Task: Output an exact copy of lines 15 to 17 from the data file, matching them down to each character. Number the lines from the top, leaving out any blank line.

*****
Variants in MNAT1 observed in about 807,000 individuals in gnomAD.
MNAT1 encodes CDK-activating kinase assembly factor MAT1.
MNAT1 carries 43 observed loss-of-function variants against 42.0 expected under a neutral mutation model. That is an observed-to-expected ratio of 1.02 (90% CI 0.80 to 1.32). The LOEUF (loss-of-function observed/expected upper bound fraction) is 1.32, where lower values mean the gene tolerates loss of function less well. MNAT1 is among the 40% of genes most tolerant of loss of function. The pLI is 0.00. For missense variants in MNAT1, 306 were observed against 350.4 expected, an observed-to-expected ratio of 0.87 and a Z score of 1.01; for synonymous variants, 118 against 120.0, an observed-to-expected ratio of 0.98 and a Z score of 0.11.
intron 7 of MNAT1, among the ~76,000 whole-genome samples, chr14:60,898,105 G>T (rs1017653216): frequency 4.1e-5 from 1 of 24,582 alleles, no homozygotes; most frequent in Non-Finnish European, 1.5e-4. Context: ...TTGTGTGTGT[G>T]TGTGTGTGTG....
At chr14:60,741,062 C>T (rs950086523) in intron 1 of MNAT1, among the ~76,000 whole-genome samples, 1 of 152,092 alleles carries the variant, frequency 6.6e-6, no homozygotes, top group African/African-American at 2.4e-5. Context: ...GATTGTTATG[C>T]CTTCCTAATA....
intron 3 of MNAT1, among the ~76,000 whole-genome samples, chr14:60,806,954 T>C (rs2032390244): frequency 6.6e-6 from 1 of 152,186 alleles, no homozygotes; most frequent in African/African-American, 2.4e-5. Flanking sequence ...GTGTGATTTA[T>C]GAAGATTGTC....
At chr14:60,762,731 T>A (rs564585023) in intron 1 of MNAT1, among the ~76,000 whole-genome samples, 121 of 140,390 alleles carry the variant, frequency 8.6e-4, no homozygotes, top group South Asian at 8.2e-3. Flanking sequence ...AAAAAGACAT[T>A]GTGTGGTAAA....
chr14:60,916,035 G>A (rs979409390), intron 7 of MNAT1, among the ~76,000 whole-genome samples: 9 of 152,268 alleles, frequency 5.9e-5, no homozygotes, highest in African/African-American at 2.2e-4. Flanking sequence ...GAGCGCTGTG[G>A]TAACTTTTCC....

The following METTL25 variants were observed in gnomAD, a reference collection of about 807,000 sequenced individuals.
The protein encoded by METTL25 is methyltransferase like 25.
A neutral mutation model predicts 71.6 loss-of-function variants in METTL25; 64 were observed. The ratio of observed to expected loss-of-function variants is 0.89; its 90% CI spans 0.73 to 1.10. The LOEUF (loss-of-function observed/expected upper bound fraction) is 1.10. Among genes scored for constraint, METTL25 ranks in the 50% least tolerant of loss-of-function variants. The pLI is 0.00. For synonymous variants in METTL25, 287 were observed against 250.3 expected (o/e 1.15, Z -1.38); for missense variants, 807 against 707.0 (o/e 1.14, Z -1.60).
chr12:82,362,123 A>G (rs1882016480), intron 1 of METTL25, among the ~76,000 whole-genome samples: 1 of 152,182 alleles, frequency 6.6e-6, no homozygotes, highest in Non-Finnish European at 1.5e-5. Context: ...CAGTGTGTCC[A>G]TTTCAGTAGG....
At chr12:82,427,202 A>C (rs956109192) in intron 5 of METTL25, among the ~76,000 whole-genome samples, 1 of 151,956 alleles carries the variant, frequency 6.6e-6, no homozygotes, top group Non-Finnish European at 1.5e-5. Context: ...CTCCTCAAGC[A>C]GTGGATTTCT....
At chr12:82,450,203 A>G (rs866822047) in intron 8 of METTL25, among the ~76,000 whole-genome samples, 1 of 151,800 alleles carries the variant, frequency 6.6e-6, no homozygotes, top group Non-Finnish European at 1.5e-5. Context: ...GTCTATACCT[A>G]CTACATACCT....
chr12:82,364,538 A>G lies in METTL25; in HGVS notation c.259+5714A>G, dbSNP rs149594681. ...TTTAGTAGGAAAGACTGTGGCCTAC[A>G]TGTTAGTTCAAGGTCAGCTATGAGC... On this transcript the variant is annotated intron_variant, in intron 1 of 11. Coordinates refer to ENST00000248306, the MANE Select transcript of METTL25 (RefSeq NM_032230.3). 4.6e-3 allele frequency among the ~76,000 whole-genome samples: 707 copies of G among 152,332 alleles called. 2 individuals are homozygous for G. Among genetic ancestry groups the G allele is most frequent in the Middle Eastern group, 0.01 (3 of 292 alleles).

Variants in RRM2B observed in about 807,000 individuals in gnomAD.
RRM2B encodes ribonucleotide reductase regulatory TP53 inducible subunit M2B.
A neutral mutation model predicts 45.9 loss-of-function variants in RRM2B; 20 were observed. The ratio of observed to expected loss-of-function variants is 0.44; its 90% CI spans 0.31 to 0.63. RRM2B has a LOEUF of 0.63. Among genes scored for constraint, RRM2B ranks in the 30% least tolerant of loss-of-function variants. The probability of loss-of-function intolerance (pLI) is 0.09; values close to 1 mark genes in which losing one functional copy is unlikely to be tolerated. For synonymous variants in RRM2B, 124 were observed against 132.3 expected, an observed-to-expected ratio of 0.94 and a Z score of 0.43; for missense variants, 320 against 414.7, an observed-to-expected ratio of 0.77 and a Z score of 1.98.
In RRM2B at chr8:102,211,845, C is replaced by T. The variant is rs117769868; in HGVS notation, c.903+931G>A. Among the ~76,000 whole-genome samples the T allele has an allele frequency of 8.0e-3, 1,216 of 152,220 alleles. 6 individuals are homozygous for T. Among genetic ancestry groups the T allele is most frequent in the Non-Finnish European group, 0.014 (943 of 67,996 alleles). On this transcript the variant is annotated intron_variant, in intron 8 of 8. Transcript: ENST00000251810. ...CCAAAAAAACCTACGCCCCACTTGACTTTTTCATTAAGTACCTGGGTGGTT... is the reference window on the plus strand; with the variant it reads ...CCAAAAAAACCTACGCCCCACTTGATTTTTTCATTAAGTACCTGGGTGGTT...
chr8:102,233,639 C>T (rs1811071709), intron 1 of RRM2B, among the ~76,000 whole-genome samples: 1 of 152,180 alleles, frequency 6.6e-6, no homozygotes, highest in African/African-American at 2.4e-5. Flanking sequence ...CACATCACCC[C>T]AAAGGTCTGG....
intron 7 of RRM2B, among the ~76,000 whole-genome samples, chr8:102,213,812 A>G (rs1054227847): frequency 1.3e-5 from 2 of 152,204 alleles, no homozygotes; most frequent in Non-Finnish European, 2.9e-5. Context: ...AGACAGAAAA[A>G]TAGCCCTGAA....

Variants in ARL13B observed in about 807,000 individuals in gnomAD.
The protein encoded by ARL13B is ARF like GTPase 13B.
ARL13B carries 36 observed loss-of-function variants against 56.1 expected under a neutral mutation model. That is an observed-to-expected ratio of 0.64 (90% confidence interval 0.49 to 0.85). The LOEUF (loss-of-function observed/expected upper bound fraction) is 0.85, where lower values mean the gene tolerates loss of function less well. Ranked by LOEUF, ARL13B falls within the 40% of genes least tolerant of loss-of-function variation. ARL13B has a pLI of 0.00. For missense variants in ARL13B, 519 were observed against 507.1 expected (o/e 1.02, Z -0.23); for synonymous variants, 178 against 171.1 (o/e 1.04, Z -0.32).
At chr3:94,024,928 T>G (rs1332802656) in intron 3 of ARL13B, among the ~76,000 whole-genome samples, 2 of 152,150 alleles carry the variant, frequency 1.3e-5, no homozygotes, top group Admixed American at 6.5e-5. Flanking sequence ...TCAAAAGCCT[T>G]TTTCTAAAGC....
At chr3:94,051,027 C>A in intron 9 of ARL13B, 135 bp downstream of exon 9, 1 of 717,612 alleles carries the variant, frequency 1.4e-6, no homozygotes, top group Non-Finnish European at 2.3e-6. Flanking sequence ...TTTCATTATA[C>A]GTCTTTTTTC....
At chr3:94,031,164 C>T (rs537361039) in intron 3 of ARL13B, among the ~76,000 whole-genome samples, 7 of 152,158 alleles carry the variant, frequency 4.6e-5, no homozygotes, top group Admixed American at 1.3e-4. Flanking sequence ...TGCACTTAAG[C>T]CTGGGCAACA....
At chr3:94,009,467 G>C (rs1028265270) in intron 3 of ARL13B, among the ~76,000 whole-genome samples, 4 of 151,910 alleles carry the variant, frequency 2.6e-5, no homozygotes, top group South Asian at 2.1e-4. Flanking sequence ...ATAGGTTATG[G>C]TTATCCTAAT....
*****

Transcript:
chr12:82,364,538 A>G lies in METTL25; in HGVS notation c.259+5714A>G, dbSNP rs149594681. ...TTTAGTAGGAAAGACTGTGGCCTAC[A>G]TGTTAGTTCAAGGTCAGCTATGAGC... On this transcript the variant is annotated intron_variant, in intron 1 of 11. Coordinates refer to ENST00000248306, the MANE Select transcript of METTL25 (RefSeq NM_032230.3). 4.6e-3 allele frequency among the ~76,000 whole-genome samples: 707 copies of G among 152,332 alleles called. 2 individuals are homozygous for G. Among genetic ancestry groups the G allele is most frequent in the Middle Eastern group, 0.01 (3 of 292 alleles).

Variants in RRM2B observed in about 807,000 individuals in gnomAD.
RRM2B encodes ribonucleotide reductase regulatory TP53 inducible subunit M2B.